From April 2015, hospitals will
be able to sign up to an access program enabling them to provide the Oncotype DX
Breast Cancer Assay to eligible
breast cancer patients after surgery. The test aims to help decide whether or
not to prescribe chemotherapy to breast cancer patients after surgery by trying
to better predict the chances of distant recurrence of the cancer.
Although recommended by the National Institute for Health
and Care Excellence (NICE) in 2013 for use in patients with
certain types of early stage breast cancer (reported in BioNews 724), the test
has not been widely used so far due to its cost of between £2,000 and £2,500
per patient, says the Daily Mail.
The access programme allows NHS hospitals
to provide genetic testing to some patients by implementing the NICE diagnostic
guidance, explains the company behind the test, Genomic Health. Its chief operating officer and chief financial officer, Brad Cole, said: 'In the past few years, more than 3,500 women
in the UK have used the Oncotype DX test, and we believe the latest agreement
will facilitate quick adoption throughout England.'
In the UK around 50,000 women are diagnosed with breast cancer each
year. Once a tumour is surgically removed, a course of chemotherapy and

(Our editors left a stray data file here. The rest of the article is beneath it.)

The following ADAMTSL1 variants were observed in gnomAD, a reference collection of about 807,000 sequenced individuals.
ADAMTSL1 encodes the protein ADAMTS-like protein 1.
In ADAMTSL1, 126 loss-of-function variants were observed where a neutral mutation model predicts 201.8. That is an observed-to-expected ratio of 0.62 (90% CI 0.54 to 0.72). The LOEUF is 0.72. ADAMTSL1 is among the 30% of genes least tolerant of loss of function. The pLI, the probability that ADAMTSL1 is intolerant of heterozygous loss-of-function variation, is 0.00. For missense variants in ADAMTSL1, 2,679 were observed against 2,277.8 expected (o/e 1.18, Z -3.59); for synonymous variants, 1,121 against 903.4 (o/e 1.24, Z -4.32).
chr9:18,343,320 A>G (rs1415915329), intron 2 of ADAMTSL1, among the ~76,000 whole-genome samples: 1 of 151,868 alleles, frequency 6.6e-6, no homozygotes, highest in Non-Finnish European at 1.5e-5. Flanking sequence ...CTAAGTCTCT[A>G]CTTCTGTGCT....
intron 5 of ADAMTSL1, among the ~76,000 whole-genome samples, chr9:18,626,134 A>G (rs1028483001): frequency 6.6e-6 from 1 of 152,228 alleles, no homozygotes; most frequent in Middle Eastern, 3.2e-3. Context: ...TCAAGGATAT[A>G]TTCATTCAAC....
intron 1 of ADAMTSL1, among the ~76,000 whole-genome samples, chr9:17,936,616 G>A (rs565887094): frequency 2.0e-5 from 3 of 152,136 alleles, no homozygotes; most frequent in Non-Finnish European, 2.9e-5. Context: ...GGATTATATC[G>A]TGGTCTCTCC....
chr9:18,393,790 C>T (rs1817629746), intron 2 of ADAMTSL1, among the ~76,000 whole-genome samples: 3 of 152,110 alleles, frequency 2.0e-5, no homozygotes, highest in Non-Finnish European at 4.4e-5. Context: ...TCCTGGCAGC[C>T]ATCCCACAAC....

drugs may be prescribed to minimise the chances of recurrence.
However, chemotherapy has a number of unpleasant side effects. Research has shown that fewer than ten
percent of patients with early-stage breast cancer actually benefit from
chemotherapy, with current methods for making treatment decisions often
resulting in over-treatment. This can cause both decreased quality of life for
the patient and increased costs for the NHS.
Professor Kefah Mokbel, of the
London Breast Institute, told the Daily Mail that up to 25 percent of
breast cancer patients will be eligible for the test. Genomic Health states that almost one
third of treatment recommendations for early-stage breast cancer patients
changed after the using the Oncotype DX test.
The test looks
at the expression of 21 genes in breast tissue removed during surgery. It then
indicates how likely recurrence will be and if the patient will benefit from
chemotherapy, giving patients a score on a scale of 1-100.
This score, along with more traditional methods of assessing the chances
of cancer recurrence, can help doctors to decide whether or not chemotherapy
will be beneficial to the patient.
Dr Emma Pennery, clinical director from Breast Cancer Care charity, told
the Daily Mail the test would be invaluable. She said, 'This test could enable
[patients] to avoid the brutal side-effects of chemotherapy without
compromising their survival.'